As happened in the 2008 crisis, a high degree of instability may be expected due to the little usefulness (in terms of showing the current arm's length conditions) that the benchmark studies performed or updated with previous years’ data may have, under radically different economic and business circumstances.
In this context, potential measures will have to be studied that could serve to reduce these comparability deficiencies as far as possible.
Those measures could involve, for example, a re-evaluation of the comparability of specific companies used as such in prior years, the timeframe that is taken into account, use of entities recording losses, discrimination by reference to economic sectors or countries depending on their level of exposure to the crisis, or the addition of certain adjustments (to working capital or inventory level, for example, or in the ranges originally obtained, in light of the losses recorded on the income statement of the tested company in 2020).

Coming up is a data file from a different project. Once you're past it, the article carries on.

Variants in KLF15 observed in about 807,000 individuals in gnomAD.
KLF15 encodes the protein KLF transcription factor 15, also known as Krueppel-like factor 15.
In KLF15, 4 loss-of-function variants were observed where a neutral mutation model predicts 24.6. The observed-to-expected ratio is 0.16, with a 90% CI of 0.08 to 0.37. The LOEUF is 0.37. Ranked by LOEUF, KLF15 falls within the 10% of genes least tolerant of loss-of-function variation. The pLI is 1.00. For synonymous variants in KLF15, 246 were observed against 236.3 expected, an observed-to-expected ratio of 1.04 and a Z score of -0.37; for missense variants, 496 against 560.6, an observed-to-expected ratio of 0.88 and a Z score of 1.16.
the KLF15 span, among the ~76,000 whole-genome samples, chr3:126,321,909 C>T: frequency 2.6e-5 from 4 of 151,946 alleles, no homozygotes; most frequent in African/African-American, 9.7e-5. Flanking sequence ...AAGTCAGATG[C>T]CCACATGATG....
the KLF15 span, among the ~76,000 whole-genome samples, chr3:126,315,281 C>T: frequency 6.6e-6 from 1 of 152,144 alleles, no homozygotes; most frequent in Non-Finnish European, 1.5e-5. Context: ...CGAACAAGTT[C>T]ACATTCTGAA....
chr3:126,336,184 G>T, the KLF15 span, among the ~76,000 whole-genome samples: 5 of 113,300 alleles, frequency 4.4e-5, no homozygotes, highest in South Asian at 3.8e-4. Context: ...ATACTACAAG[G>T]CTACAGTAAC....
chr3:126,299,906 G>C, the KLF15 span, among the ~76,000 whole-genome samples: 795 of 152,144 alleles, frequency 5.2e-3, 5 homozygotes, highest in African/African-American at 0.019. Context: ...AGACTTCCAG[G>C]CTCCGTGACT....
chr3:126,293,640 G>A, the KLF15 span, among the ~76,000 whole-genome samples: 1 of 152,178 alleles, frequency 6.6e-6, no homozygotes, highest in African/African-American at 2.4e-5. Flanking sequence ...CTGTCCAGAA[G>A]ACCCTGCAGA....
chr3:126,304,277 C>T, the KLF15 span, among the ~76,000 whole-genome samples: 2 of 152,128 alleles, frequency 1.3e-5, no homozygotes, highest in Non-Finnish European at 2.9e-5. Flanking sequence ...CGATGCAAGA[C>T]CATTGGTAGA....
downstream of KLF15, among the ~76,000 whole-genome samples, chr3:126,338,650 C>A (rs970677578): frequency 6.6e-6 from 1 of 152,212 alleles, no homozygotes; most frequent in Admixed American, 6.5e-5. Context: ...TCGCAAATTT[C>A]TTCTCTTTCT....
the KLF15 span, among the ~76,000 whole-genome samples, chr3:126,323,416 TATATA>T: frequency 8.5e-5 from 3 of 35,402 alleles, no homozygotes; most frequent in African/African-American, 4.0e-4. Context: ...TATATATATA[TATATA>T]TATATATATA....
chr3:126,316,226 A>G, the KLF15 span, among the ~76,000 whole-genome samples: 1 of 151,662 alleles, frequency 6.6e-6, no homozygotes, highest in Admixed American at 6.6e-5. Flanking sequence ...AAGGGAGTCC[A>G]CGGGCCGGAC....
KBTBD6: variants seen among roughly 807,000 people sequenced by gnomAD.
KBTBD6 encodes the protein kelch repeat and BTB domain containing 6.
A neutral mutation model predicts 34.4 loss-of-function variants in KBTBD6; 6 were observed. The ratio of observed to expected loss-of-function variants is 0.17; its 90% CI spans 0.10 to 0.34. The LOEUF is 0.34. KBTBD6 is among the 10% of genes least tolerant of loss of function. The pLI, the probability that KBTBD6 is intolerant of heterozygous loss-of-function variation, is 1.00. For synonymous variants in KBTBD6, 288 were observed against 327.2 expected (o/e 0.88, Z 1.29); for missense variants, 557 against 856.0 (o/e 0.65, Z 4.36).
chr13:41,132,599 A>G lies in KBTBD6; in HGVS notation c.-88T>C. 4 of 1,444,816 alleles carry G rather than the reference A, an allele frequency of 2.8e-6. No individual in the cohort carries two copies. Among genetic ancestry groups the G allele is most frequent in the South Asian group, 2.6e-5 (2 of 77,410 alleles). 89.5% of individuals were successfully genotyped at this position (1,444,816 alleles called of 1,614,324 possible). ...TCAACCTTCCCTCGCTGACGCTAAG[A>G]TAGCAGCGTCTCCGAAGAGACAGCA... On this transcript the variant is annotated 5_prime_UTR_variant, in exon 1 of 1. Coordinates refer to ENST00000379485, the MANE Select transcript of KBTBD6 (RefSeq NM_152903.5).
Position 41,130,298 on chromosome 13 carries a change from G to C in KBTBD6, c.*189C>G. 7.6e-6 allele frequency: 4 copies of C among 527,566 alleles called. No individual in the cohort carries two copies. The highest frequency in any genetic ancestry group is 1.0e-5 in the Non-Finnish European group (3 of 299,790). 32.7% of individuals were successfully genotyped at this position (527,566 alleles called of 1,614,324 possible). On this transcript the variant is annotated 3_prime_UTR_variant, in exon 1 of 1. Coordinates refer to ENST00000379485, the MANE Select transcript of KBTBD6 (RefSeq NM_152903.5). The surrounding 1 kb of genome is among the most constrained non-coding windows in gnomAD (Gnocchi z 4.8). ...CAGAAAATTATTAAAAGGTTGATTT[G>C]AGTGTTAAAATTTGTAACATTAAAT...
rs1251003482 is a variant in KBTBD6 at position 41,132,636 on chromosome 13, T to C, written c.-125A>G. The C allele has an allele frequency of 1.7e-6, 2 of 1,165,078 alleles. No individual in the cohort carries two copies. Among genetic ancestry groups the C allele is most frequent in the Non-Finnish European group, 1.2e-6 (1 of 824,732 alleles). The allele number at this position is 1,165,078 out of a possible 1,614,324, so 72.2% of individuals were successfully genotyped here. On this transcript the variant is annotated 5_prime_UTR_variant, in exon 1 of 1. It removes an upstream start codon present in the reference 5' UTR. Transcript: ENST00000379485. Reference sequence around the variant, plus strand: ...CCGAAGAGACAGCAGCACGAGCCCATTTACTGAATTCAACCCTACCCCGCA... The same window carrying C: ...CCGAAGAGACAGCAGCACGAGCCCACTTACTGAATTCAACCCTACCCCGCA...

It must not be forgotten either that measures of this type will only be needed where they are sufficiently reasonable and contribute to improving the reliability of the sample.
4. Advance pricing agreements (APAs)
Where transfer pricing policies are supported by advance pricing agreements with one or more tax authorities, individual monitoring of each of these will be needed, particularly, their critical (quantitative or qualitative) assumptions.
Namely, depending on the impact that the crisis will have on the various agreements, it may be useful to contact the authorities concerned to inform them and evaluate together the need to add variations, or maybe assess the need to request for them not to apply, temporarily at least.
Moreover, any circumstance that may affect strict compliance with their terms needs to be suitably reported in the annual compliance reports that are filed with corporate income tax returns.
For any agreements that are currently under negotiation, the impact of the current situation will need to be considered to the required extent.
In view of the uncertainty that is going to remain with us over a long period of time, however, it is particularly recommendable to seek agreements of this type with the tax authorities for transactions which, due to their size in quantitative terms or their technical complexity, are difficult to value from a transfer pricing standpoint.